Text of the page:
Cibo offers something not easily found in Calgary’s restaurant scene – affordable, quality food in an inviting environment. “Affordable” restaurants (the term itself highly subjective) usually dictates two options – the hole in the wall/dive or the much dreaded chain restaurant. You can get cheap eats in the city- such as pho, donairs or pub grub – but the chances are that the ambience is lacking for a night of elated eating. Although cookie cutter restaurants offer reasonably priced dishes, there’s nothing remotely euphoric about eating at a Moxie’s, Milestones or Earl’s. Besides, why would you when you can get more bang for your buck dining at Cibo?
The restaurant itself is spacious, modern and bright. On my last visit, the sunlight streamed through the windows and bounced off the wine glasses on the tables. I like the utilitarian looking chandelier, and industrial touches, like the silver pipes on the ceiling. Service was great – the servers were attentive all the way through the dinner service. We didn’t want for much – the appies was delivered within ten minutes of ordering, our mains within 20 minutes, and our wine and water glasses were continually topped throughout the night. I also appreciate we weren’t immediately rushed out after paying our tab (e.g. Joey), which I understand is necessary for restaurants to turn tables in order to make a profit.
Speaking of wine… a big thank you to Cibo for offering reasonably priced bottles – such as the house cabernet (Alias). It was light and sweet – good enough for quaffing while munching on a variety of appetizers, like the artichoke bruschetta, two-bite lamb meatballs and mixed olives. The presentation of our appetizers was perfect – the 3 small dishes were presented on a rectangular wooden plank. Separate was a pot of crispy crackers. Of the three appetizers, I enjoyed the mixed olives – one type was almost flowery in taste – perhaps from orange flavouring in the marinade. The other olives were firm and tart but not bitter. Yep, these weren’t my typical Costco olives.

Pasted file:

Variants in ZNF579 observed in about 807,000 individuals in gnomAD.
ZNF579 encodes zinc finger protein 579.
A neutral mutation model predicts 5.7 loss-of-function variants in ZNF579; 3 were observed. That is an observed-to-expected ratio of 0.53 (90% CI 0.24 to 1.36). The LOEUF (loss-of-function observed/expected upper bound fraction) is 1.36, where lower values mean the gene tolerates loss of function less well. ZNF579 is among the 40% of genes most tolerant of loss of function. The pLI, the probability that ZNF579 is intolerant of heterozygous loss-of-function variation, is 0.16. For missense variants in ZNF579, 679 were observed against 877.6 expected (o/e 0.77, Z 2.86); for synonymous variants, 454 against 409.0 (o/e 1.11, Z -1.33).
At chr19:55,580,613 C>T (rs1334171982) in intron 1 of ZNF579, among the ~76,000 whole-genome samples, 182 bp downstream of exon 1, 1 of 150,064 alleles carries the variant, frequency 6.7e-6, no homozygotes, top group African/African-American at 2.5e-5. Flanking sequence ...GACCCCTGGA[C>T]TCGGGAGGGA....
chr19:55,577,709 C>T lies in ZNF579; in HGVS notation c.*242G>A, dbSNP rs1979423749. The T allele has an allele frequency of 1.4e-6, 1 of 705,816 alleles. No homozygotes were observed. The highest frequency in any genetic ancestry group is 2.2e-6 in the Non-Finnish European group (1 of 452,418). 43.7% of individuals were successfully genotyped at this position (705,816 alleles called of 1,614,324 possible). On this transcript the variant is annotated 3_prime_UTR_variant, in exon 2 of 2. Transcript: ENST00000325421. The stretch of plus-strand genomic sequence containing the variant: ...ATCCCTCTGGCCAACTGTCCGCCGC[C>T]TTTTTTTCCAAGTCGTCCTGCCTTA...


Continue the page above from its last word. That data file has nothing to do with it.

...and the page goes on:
For our mains, we shared chitarra (homemade pasta cut by equipment that looks like a string instrument), an order of gnocchi with spinach, and a meat pizza. The chitarra was tasty – tossed in a light olive oil with lots of large fresh shrimp, salty capers, and diced black olives. The pasta was al dente – toothsome and not overdressed. The meat pizza was a favourite – the pie crust had a very satisfying crunch. I loved the smooth cheesy layer of mozzarella and generous amount of salami, sausage, pancetta and wild boar bacon. The gnocchi was also done well–the gnocchi was soft yet crisp – as the bottom of each was pan-fried. Topped with sweet cherry tomatoes, spinach and a generous sprinkling of cheese, this dish was a winner.
No dessert for us – wine was our chosen sweet of the night. My very generous girlfriends picked up the tab – so I’m not sure how much the damage was after our drinks, appies and mains. But I know that the next time I visit, I’ll be able to afford a night out, but I’ll just have to order wine by the glass and not by the bottle. Hopefully Cibo will stay consistently delightful so that we can have a regular hangout to munch and sip the summer nights away.
Christine G. Louie
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